Minorities' mortgage cost decried

Consumer group finds blacks, Hispanics often steered to higher rates

March 10, 2004|By Richard Burnett | Richard Burnett,ORLANDO SENTINEL

During the nation's home-refinance boom, too many minority borrowers have wound up with high-cost, subprime loans when they could have qualified for some of the lowest mortgage interest rates in history, according to a consumer advocacy group's study released yesterday.

The study, part of a continuing attempt to document racial disparity in subprime mortgages - loans with higher-than-prime interest rates and fees, typically designed for credit-troubled borrowers - was conducted by the ACORN Group, a consumer-advocacy organization based in Washington.

Focusing on 117 U.S. metropolitan areas, researchers said blacks were 4.1 times more likely to have a subprime loan and Hispanics were 2.5 times more likely than their white, nonminority counterparts.

Overall, almost 28 percent of the refinance loans nationwide for blacks and 17.1 percent of Hispanics' refinance loans were from subprime lenders, the study concluded. Among white, nonminority borrowers, only 6.7 percent had subprime loans.

The disparity remains even when varying income levels are taken into account. Nationally, for example, almost 20 percent of higher-income blacks and 13.4 percent of higher-income Hispanics had subprime refinance loans, compared with 5.2 percent of nonminority whites with higher incomes, the study found.

The difference between a prime and subprime loan can amount to $200,000 in extra interest paid over the life of a mortgage, the study noted.

"This is another example of how divided our country has become," said Maude Hurd, president of ACORN, which is short for Association of Community Organizations for Reform Now. "Different markets mean some families are treated fairly, while other families continue to get ripped off."

"Unfortunately, the study appears to continue to create the misimpression that there is widespread improper discrimination against minorities by nonprime lenders," said Wright Andrews, a spokesman for the Coalition for Fair & Affordable Lending, a Washington-based trade group representing subprime lenders. "And that's just not the case."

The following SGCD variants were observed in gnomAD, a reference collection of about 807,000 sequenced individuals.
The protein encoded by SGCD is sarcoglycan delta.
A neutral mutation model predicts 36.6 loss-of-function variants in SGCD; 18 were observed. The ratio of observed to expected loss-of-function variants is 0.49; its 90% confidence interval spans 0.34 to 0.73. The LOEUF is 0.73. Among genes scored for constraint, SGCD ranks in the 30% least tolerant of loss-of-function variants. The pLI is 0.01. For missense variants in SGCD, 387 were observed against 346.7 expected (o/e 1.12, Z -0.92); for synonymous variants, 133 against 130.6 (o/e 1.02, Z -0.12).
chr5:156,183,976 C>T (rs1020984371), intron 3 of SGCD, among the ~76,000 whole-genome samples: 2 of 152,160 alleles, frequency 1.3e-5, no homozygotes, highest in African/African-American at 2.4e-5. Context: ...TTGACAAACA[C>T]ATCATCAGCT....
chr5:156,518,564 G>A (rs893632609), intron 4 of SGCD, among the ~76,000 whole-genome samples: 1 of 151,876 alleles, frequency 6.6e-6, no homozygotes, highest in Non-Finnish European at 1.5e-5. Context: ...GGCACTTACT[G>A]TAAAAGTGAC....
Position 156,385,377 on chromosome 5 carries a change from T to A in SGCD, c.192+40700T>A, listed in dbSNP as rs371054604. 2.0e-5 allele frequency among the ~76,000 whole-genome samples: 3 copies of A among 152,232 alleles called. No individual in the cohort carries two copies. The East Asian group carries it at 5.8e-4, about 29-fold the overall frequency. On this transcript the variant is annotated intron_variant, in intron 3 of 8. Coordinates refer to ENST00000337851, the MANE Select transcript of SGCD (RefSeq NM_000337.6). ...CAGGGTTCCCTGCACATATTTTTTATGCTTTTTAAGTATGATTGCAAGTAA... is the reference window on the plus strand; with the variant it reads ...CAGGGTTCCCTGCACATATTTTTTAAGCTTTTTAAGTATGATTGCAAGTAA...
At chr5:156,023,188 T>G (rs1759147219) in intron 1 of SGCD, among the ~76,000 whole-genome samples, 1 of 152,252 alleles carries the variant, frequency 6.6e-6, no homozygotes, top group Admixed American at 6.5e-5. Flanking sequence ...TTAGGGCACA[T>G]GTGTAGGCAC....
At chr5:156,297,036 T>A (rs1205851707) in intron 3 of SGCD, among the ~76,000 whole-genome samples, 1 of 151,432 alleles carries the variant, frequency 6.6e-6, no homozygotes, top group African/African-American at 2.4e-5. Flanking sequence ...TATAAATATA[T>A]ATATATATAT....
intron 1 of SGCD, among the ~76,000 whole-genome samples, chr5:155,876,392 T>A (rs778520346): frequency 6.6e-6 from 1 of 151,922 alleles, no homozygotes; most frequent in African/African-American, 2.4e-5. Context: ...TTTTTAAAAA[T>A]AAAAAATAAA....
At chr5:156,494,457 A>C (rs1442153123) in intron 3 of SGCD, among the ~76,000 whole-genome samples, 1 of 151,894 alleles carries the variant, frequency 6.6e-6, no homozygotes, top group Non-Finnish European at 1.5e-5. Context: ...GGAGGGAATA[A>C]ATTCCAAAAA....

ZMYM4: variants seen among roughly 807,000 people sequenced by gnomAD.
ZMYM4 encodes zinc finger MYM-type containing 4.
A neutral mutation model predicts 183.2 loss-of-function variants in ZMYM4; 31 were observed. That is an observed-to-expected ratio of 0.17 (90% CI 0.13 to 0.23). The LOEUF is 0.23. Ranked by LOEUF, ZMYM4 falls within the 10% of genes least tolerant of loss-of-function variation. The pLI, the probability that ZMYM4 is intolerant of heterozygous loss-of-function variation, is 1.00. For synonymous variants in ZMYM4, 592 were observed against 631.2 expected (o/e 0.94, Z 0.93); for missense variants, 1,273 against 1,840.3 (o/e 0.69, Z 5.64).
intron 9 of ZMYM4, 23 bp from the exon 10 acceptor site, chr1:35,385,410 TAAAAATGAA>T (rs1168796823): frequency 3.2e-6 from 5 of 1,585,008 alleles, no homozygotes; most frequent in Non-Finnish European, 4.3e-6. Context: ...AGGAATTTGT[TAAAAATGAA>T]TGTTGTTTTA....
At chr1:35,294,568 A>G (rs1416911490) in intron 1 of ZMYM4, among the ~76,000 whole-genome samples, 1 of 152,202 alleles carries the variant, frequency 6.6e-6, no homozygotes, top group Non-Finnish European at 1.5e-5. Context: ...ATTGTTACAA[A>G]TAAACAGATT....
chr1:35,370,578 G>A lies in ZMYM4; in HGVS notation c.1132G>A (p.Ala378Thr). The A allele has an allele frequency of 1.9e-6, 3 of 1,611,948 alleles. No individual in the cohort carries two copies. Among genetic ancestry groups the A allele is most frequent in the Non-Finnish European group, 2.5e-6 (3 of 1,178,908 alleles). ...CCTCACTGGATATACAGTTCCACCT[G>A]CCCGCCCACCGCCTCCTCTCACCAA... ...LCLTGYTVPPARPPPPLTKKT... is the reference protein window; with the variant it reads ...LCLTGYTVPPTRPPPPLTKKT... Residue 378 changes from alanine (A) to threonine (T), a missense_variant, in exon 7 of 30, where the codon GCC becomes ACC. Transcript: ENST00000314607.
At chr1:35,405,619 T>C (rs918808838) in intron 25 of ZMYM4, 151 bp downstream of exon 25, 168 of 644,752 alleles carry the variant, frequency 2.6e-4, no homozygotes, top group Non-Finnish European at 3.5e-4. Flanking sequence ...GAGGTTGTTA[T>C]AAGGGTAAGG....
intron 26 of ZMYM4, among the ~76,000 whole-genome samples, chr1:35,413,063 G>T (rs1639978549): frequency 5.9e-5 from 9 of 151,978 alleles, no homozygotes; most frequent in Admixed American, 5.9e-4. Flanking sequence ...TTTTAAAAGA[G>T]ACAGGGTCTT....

Andrews said the same government data that ACORN says it uses actually show that subprime loans, by dollar volume, reflect very closely the ethnic and racial mix of the country's population. By making credit more available, subprime lenders have contributed to increases in the rate of homeownership among minorities, he said. He argued that credit scores, not race, play a critical role in who is approved for prime vs. subprime loans.

"Subprime lenders are generally making loans according to the risk represented by the borrower," Andrews said. "That involves credit scores, income levels and other risk factors. If you look at the credit scores of borrowers, you'll find that the vast majority of nonprime loans are made to people who have [low] credit scores."

ACORN researchers argue that many minority borrowers with good credit were still improperly steered into higher-cost, subprime loans. Citing reports from Fannie Mae, Freddie Mac and the Department of Justice, the study estimated that 20 percent to 50 percent of all minority borrowers with subprime loans could have qualified for prime, conventional mortgages.

"There are far too many credit brokers who actually get incentive rewards, through yield spread premiums, if they can get A-credit people into a subprime loan," said Valerie Coffin, lead researcher for the ACORN study. "And a lot of people don't realize that, if they walk in the door of a subprime lender, they're not going to get anything but a subprime loan, regardless of their credit."

The Orlando Sentinel is a Tribune Publishing newspaper.

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